Asheville Archives: Grovemont-on-Swannanoa

UNREALIZED DREAM: A car drives through Grovemont-on-Swannanoa, circa 1925. In total, only 19 homes were constructed in the unfinished project and unrealized dream of developer E.W. Grove. Photo courtesy of the North Carolina Collection, Pack Memorial Public Library, Asheville

In 1924, developer E.W. Grove had his hands full with two major projects — the construction of the Battery Park Hotel, which was completed that September, and the far more ambitious undertaking of Grovemont-on-Swannanoa, billed as America’s first planned community.

Reports of the latter were announced in The Sunday Citizen on June 15, 1924. The paper declared that the 500-acre tract, located half a mile east of the town of Swannanoa, was designed with more than 500 residential lots and 100 business lots in mind, along with properties reserved for churches, schools, a town hall, library and post office. In addition to these future structures, the paper wrote, “The entire mountainsides and valleys will be converted into a fairyland of lakes, parks and floral gardens.”

Coverage of the announcement continued in the following day’s paper. “Grovemont-on-Swannanoa is to be an example of what a municipality can be when it is planned from the beginning by experts who take the same pains with town-building that architects exert in constructing houses,” The Asheville Citizen proclaimed.

The article went on to state:

“If this experiment should be successful, and all the evidence prophesies success, Grovemont ought to be the first of many suburban towns in this section to be built within the next ten years. Good roads and automobiles are changing the conditions which in the past have forced people to cramp themselves into city areas that have become so crowded that for many there was literally not room to breathe, much less space for safe and convenient movement of pedestrians and vehicles.”

In a full page advertisement featured in the July 13 edition of The Sunday Citizen, Grove laid out the intention behind his latest project. According to the developer, Biltmore Forest, Beaver Lake and Grove Park all catered “to practically the same class of people,” limiting the area’s potential growth. Grovemont, he argued, would induce tourists “to buy lots and build medium-priced, but attractive bungalows to cost on the average of $3,000 to $5,000” (roughly $45,000 to $75,000 in today’s dollars). The result, he asserted, would be a win for both the new homeowners and Asheville, bringing “the largest number of satisfied people” to the region.

The following day’s paper expanded upon Grove’s case. “In some portions of the east the impression that Asheville is exclusively a resort for the wealthy has gained some headway, and this doubtless keeps many away from here,” The Asheville Citizen wrote. Grovemont, the paper insisted, would remedy the current situation by “providing reasonably priced accommodations for the thousands who come here each summer[.]”

Hype in the form of frequent newspaper advertisements continued throughout the next three years. On Oct. 6, 1924, one announcement offered a timeline of the development’s progress, noting that since its June 15 founding, 586 applications had been submitted, with 12 houses already under construction.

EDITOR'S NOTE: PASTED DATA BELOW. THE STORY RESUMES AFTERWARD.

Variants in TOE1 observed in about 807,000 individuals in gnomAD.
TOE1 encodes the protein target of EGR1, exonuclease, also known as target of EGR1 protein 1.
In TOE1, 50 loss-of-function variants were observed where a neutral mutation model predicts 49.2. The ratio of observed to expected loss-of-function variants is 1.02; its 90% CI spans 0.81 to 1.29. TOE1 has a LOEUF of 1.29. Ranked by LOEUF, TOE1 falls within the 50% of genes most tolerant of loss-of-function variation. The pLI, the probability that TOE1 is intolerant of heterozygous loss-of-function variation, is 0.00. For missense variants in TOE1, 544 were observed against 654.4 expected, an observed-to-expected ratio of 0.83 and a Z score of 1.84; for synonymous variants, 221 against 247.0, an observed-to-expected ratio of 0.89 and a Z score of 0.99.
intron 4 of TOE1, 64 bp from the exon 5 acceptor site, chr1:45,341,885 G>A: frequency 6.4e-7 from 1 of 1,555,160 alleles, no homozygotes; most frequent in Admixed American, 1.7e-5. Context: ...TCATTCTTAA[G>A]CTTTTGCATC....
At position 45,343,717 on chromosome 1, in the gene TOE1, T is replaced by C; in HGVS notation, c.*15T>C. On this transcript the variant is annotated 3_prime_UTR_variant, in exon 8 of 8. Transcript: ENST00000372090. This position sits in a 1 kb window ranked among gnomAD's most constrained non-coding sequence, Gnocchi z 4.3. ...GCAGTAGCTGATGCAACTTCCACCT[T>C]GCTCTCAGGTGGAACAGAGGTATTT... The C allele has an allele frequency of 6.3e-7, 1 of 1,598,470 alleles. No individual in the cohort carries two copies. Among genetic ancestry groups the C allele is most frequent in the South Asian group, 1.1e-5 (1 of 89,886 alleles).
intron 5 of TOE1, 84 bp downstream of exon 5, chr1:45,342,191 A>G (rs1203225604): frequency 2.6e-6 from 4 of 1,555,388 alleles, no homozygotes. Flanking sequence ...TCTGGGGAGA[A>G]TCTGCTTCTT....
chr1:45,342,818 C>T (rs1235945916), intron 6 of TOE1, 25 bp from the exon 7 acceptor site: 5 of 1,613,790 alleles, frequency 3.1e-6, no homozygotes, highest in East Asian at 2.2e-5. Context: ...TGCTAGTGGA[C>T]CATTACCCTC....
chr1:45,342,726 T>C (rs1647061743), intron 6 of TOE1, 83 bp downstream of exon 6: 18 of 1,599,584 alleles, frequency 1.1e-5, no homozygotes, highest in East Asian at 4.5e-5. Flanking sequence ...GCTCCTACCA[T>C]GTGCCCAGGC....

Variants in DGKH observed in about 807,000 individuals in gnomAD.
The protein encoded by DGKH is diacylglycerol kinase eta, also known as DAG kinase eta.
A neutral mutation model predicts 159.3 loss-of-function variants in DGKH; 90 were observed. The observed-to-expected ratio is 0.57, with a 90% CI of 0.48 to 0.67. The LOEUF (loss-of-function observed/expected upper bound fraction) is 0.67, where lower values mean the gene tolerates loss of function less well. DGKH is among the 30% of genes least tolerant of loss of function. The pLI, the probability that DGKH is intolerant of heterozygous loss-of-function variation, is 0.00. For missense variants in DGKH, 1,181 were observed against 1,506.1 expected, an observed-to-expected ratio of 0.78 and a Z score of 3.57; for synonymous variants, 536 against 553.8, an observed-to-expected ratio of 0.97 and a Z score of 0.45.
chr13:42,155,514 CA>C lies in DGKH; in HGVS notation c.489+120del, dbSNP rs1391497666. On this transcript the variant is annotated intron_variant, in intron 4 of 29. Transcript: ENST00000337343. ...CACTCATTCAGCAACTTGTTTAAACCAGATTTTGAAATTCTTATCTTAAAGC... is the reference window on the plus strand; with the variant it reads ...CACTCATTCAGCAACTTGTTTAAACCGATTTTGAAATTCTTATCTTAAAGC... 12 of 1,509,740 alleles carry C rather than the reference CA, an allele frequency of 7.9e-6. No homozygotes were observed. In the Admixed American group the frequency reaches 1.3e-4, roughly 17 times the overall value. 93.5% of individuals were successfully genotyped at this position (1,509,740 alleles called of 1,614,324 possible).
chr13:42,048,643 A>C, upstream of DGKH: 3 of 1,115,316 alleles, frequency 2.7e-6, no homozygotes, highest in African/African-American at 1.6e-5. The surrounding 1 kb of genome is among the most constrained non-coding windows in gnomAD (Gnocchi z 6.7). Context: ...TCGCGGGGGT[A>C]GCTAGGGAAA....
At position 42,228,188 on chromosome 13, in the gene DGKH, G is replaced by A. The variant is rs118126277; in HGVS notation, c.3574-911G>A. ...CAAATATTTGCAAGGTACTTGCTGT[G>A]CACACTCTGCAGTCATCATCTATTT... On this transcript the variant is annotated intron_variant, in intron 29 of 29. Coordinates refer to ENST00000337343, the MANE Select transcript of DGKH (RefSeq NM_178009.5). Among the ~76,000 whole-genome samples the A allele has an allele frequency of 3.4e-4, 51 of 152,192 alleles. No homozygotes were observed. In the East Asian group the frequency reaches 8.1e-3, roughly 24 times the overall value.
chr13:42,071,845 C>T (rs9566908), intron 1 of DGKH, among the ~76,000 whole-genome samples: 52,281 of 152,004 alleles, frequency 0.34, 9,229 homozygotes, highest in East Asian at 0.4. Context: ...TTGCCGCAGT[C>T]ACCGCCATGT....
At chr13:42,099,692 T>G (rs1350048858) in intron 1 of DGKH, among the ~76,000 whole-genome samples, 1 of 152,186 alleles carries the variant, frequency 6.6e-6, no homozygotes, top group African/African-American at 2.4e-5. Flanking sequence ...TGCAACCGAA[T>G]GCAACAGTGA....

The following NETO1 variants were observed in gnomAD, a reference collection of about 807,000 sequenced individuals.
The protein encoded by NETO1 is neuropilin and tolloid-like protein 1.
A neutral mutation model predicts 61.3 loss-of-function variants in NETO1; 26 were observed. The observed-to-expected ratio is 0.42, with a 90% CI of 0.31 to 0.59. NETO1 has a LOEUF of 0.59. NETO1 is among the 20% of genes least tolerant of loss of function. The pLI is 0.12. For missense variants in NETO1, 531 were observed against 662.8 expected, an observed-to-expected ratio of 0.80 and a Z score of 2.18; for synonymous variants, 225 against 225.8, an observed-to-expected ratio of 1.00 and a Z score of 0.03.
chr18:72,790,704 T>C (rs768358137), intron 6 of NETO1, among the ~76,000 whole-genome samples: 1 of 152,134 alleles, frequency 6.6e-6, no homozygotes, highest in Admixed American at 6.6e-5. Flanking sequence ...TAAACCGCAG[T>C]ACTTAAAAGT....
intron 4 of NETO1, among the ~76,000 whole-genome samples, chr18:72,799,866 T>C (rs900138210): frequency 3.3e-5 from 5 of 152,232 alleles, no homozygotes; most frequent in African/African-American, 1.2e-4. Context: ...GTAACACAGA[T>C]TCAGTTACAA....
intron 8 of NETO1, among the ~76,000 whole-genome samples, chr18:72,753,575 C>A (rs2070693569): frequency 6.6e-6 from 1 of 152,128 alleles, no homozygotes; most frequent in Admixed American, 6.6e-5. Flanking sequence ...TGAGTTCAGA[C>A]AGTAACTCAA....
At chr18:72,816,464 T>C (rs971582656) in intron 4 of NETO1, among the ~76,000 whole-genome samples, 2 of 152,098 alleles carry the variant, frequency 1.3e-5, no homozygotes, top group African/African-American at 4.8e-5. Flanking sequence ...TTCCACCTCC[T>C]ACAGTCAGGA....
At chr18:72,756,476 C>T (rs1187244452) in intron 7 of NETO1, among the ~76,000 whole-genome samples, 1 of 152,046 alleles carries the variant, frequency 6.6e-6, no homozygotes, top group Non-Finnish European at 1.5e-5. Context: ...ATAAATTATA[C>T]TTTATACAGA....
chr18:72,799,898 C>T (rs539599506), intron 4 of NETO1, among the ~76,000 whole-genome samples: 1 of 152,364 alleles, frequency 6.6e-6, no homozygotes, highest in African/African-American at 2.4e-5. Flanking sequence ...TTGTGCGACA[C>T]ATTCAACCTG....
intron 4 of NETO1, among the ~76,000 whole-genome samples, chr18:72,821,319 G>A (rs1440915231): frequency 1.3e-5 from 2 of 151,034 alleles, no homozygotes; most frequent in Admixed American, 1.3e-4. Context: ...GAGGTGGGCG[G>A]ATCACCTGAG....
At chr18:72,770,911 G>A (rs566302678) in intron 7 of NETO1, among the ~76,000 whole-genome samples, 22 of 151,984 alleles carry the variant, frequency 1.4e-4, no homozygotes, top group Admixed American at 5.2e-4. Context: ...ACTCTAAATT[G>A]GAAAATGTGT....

Another advertisement, featured in The Sunday Citizen’s Jan. 25, 1925, edition, asked readers to consider what true American prosperity looked like. Not surprisingly, the answer was Grovemont-on-Swannanoa. “In the quiet of the country with one’s lungs filled with the clean mountain air there is a feeling of exhilaration, a taste of perpetual youth,” the ad promised.

Throughout 1925, the paper continued to report on sales of both residential and business lots, alluding to the imminent construction of drug, grocery and general merchandise stores, as well as two garages and an automobile supply shop. Meanwhile, similar notes were struck in Grove’s ongoing advertisement campaign.

Yet things took a turn in 1926. On March 7, The Sunday Citizen reported on Grove’s recent plans to construct his newest home in the Grovemont-on-Swannanoa development. In addition to joining the community, Grove offered to finance the first 50 homes built on lots under his ownership. “Plans for building in Grovemont have assumed large proportions, it is said, and Mr. Grove’s offer will start a remarkable growth in that section, it is thought,” the paper read.

Growth, however, remained stagnant throughout 1926. And in the following year, on Jan. 27, 1927, Grove died at the age of 77.  His death, followed by the 1929 market crash, ultimately killed the project.

According to Anne Chesky Smith’s 2013 book, Images of America: Swannanoa, 19 homes were constructed in the planned community. Today, 15 of the properties remain. “Though E.W. Grove’s dream of a quaint English village … was never fully realized,” Chesky Smith writes, “the Grovemont of today is still a web of streets anchored by a central park, which has been rebuilt to feature a playground, a walking path, and a playing field,” as well as the Swannanoa Library.

Editor’s note: Peculiarities of spelling and punctuation are preserved from the original documents. 

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About Thomas Calder
Thomas Calder received his MFA in Fiction from the University of Houston's Creative Writing Program. He has worked with several publications, including Gulf Coast and the Collagist.

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